Rev. Don Beyers, Christ Church, Bolton
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There is always something new to be learned when reading a scripture passage. Or at least I find this to be true. Over the course of two decades of ministry I have read many of our scripture stories a dozen or more times. After awhile you would think the stories would become so familiar to me that there would be little new to found in the text. Yet I find as I read again a familiar passage of scripture, something will strike me that I never considered before. Perhaps it may be an image, a word, or even a phrase. Whatever it may be, I find the stories will often speak to me in new ways.
This isn’t entirely surprising; Christians have long understood the scriptures to be the living Word of God. We believe we encounter God when we read the Bible and that God speaks to us and our life experience through the sacred scriptures. It’s no wonder then that the scriptures may speak to us in new ways despite reading various passages dozens of times before.
Such was my experience this week while reading, and re-reading, our lesson from the Gospel of Matthew. I have long read this passage as a story of Peter’s lack of faith. Yet the more I read it, I sense there is something more about Peter than what we may first believe. I suspect the story of Jesus walking on water and his invitation to Peter to walk out to him omits certain details, or at the very least, subtlety implies something more than what is spoken in the text.
This is not a story of Peter’s lack of faith; instead, it is a story of Peter’s over-confidence and forgetting his need to depend entirely on the grace of Jesus to sustain and hold him up.
Admittedly, I may be reading more into the story than what is there. Yet one commentary got me thinking about this story more deeply. The commentator suggested Jesus’ expression “you of little faith” was not so much as an insult to Peter, but rather an acknowledgement of Peter’s courageous faith in the midst of the chaos of the world. By stepping out of the boat, Peter demonstrates extraordinary faith. How many of us would be so trusting of Jesus that we would respond to his command to get out of a boat in the middle of storm and walk out to him? I think few of us would. Yet Peter does precisely that. I don’t think Peter was testing Jesus by demanding a miracle; I think he genuinely responded to Jesus’ invitation and believed deeply in him. Yet no sooner had he got out of the boat, he became afraid and began to sink. Why?
I pondered this question over the past few days and I wondered if Peter got a little too confident in himself and forgot it was the grace of Jesus that upheld him across the choppy waters of the stormy sea. I imagine Peter must’ve been amazed as he stepped out of the boat and found himself walking across the water. Although this may be too simplistic of a read of Peter and his situation, I wonder if he thought “wow, I can do this!” and began to race across the water, completely forgetting it was Jesus who called him and Jesus who sustained him. Realising the waters were not subsiding, Peter panicked and began to sink. The story is not so much about our faith in times of trouble, but our dependence upon the grace of God even when the storms of life fail to ease.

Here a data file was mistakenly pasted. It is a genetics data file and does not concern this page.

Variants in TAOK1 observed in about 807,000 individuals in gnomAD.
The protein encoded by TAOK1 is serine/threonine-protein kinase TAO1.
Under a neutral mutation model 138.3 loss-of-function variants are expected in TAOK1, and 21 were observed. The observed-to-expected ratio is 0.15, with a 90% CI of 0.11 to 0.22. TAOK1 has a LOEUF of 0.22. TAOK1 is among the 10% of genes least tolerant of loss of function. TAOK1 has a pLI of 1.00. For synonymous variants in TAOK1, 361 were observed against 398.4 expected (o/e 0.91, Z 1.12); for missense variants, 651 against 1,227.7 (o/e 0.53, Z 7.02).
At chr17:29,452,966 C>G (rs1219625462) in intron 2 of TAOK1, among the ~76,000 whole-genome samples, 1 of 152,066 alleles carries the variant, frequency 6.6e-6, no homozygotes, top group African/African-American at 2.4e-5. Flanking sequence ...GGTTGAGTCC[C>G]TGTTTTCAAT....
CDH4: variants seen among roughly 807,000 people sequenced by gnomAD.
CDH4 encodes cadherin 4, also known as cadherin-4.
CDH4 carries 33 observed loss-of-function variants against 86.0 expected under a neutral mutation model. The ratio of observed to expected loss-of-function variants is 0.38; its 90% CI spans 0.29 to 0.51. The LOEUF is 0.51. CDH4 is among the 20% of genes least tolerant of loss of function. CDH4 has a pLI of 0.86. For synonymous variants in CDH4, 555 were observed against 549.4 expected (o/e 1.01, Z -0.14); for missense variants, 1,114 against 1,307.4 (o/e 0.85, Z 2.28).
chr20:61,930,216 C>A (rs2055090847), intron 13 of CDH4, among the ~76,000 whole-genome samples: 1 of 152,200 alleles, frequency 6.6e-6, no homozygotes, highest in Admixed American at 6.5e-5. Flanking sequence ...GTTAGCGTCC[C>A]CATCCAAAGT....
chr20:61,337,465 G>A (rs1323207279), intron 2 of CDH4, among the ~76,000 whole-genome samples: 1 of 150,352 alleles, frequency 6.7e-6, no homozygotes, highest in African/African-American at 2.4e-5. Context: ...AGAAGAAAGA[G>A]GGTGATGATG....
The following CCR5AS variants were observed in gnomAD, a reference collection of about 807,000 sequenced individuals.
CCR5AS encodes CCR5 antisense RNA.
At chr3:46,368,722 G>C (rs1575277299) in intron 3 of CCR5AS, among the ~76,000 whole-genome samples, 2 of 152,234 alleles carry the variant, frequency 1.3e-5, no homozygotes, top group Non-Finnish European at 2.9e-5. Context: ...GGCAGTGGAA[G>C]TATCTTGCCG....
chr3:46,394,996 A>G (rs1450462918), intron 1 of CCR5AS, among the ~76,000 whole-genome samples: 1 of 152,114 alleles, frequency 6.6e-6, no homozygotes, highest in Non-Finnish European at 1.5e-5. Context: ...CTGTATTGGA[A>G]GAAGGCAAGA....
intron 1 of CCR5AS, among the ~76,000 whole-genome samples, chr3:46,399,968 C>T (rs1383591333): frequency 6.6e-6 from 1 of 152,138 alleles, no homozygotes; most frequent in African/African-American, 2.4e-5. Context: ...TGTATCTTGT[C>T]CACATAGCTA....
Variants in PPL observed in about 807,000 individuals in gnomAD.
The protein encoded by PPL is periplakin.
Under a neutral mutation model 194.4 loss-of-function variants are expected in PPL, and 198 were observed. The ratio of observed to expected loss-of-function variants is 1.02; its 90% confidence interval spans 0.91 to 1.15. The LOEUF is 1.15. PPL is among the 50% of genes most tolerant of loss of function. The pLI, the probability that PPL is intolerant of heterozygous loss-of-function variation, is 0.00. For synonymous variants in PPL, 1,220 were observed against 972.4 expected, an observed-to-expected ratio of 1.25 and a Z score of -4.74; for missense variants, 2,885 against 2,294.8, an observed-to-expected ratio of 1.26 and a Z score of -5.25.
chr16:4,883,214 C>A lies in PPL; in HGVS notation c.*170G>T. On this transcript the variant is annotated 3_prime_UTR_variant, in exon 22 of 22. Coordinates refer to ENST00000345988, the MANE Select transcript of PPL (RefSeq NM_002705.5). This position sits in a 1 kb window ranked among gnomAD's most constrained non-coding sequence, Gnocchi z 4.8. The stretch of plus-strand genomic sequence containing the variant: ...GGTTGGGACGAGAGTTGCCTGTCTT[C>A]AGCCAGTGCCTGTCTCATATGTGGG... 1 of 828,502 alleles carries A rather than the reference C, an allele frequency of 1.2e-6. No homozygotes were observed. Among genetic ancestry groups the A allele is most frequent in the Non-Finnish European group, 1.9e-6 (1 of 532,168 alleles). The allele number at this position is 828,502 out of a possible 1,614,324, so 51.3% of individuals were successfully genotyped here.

It seems to me the story of Peter and his inability to persistently depend upon Jesus speaks to the experience of many people of faith. It is a common experience for those who have profound conversion experiences to later find themselves challenged or dismayed that their new found faith seems not to have changed much of their world experience. It’s almost a naive expectation to think that now we have found Jesus or have had this amazing, thrilling conversion experience, that all will be right in this world, that pain and suffering will be no more, and the chaos of life will be calmed. Or some may even think their new found faith will bring them perfect happiness in this life.
The truth is, faith in Christ will not wipe away all pain, suffering, and struggle of this world. As I said before, Christian faith is about God’s slow transformation of the human condition into his glory. Instead, faith in Christ — our trust and dependence upon his grace — sustains and enables us to walk through life’s trials and tribulations. But we have to turn to the living God over and over again. Our trusting in the grace of God is not a one-time act; rather, it is a repeated act of trust in Christ. We can be assured Christ will sustain us, even though that may not be obviously apparent as Peter initially discovered in today’s story. As Saint Paul writes in his Epistle to the Romans, “Jesus Christ is Lord of all and is generous to all who call on him.” (Romans 10) Christ yearns and desires to uphold and strengthen us, we just need to repeatedly turn to him.
Yet we turn to Christ with humble hearts. Again, what struck me about Peter in today’s gospel lesson is perhaps his over-confidence. Now I don’t fault him for his feelings; to be sure, I think I would just be amazed were I to walk on water! Still, Peter’s response to Christ reminds me to remain humble. God’s work within me is not about me nor is it about making me great. Instead, it’s about his grace transforming me so that I may go out and proclaim the glory of God. After the disciples witness Jesus’ extraordinary grace they proclaim his glory.
While you and I may not be called to walk on water like Peter, we are called to remain humble and steadfast in faith and hope during a tumultuous time of human history. I’m sure most of us are rather tired of this pandemic, of the daily news of political discord and unrest, and of videos showing horrific acts of racism and violence here at home and abroad. Yet maybe all these storms swirling around us challenge us to once again turn to Christ with humble hearts and ask him: Lord, how must I live and proclaim your Good News in this world?